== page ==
Anti-U Antibody - An Obstacle for Blood Transfusions in Patients with Sickle Cell Disease: Case Report and Review of Literature
W Toama, M Abdelghany, A El-Attrache, H Ashcraft
anti-u antibody, blood transfusions, sickle cell disease
W Toama, M Abdelghany, A El-Attrache, H Ashcraft. Anti-U Antibody - An Obstacle for Blood Transfusions in Patients with Sickle Cell Disease: Case Report and Review of Literature. The Internet Journal of Hematology. 2014 Volume 11 Number 1.
We are reporting a case of a 75-year-old African-American male with a history of sickle cell disease who presented to our hospital with loss of consciousness. Laboratory work revealed severe anemia.
During pre-blood transfusion testing the patient was found to be positive for anti-Kell, anti-s, anti-S, and
anti-U antibodies. Anemia improved after transfusion with matching blood.
Anti U antibodies testing is not a routine testing before blood transfusion. The U-negative phenotype occurs almost exclusively in the African population and more in sickle cell disease patients. In these patients, it is important to identify and classify the alloantibodies.
Blood transfusion is the cornerstone of treatment of anemia in sickle cell disease (SCD). After the first exposure to U antigen, a class of antigens on all red blood cells, SCD patients with negative U antigen will produce anti- U antibodies, making the subsequent transfused red blood cells at risk for a delayed hemolytic reaction by alloantibodies.
A 75-year-old African-American male with sickle cell disease presented with loss of consciousness. The patient was intubated and mechanically ventilated, to secure his airway, and was started on IV fluids. Laboratory work revealed severe anemia (hemoglobin 5.2 g/dl, hematocrit 17%, MCV 89 FL, RDW 27.1 %) and acute renal failure (BUN 88 mg/dl, creatinine 1.7 mg/dl). Urine analysis did not show any erythrocytes. Fecal occult blood testing was negative on multiple different occasions. Peripheral blood smear, bilirubin, reticulocyte count/index, LDH, direct Coombs, hemoglobinemia, haptoglobin, PT/INR, PTT, liver function tests were within normal limits. Further testing of the patient’s blood revealed the presence of anti-Kell, anti-s, anti-S, and anti-U antibodies. Anti-U positive packed red blood cells (PRBCs) units were obtained from the Red Cross. Transfusion with four matched PRBCs after two days restored the hemoglobin level to 7.9 g/dl and the hematocrit to 24%. Subsequently, the patient was extubated and discharged home in a stable condition.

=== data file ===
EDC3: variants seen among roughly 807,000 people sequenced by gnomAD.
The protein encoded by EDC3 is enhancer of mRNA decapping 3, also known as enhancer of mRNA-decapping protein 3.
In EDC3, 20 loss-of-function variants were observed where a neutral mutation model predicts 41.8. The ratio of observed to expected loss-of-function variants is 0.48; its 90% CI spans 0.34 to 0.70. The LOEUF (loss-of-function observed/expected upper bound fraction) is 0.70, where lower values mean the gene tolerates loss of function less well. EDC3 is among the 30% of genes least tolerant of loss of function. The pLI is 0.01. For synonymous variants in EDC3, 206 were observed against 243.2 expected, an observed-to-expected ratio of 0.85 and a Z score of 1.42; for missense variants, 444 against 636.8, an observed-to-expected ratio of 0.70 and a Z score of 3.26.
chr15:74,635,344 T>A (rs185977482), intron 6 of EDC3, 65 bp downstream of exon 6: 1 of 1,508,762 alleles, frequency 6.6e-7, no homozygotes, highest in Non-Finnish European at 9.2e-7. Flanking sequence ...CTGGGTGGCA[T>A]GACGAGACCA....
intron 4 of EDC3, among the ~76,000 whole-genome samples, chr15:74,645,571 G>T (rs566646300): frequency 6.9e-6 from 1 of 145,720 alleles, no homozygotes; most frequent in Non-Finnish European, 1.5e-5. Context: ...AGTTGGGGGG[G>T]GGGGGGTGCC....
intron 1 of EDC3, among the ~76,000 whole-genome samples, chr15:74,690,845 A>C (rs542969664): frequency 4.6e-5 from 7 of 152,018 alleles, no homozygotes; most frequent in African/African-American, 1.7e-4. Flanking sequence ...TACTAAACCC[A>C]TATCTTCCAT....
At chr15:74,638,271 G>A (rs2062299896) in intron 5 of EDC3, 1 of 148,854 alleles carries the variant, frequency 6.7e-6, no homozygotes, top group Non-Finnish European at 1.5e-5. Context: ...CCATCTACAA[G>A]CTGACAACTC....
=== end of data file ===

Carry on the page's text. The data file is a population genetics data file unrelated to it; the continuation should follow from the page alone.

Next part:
In 1953, Wiener et al. discovered anti- U antibodies in an African American patient who had a fatal hemolytic transfusion reaction. U antigen exists in 99% of black population and nearly 100% in Caucasians . In a study involving 2,462 Brazilian blood donors, all Caucasian Brazilians were antigen U-positive, and only 0.87% of black Brazilians were antigen U-negative. All U-negative blood donors were also both antigen S-negative and antigen s-negative simultaneously . Because the majority of the population in the United States is Caucasian, most RBC units used in transfusions do not possess antibodies against the U antigen (anti-U).
U antigen is part of the MNS system, a non-ABO blood subgroup. M and N glycoproteins are located on glycophorin A, and S antigens are located on glycophorin B . Individuals who lack glycophorin B lack the S and s antigens, and also lack the U antigen. Therefore, the matching process in the blood banks assumes that Antigen U is negative in patients with negative S and s antigens. The routine blood testing includes RhHr, Kell, Duffy, Kidd, Lewis, P group, MNS, Lutheran and X testing. This combination does make antigen U indirectly evaluated.
Patients with negative U antigen will produce anti-U antibodies after the first exposure, placing them at risk of delayed hemolytic reaction (DHTRs) by alloantibody in next red blood cell transfusions. Typically most DHTRs are caused by a single alloantibody of Rh, Kidd or Kell blood group specificities [4-7]. Only few cases have reported anti-U antibodies as a cause of DHTRs. Anti-U are generally non-complement binding IgG antibodies containing an IgG-1 component [8, 9], which are an uncommon but recognized cause of hemolytic disease in fetus and newborn in black women [10, 11].
In SCD patients, where blood transfusions are still the cornerstones of prevention and treatment, it is important to identify and classify the alloantibodies. More studies are needed for further assessment of whether routine screening of all SCD patients for anti-U antibodies will be beneficial.
It is important to investigate high risk patients for alloantibodies and to inform these patients of these rare antibodies. Because of the challenge of finding matched RBC units during critical times, establishing appropriate communication with previous facilities where patients have received transfusions is paramount in case future transfusions are required.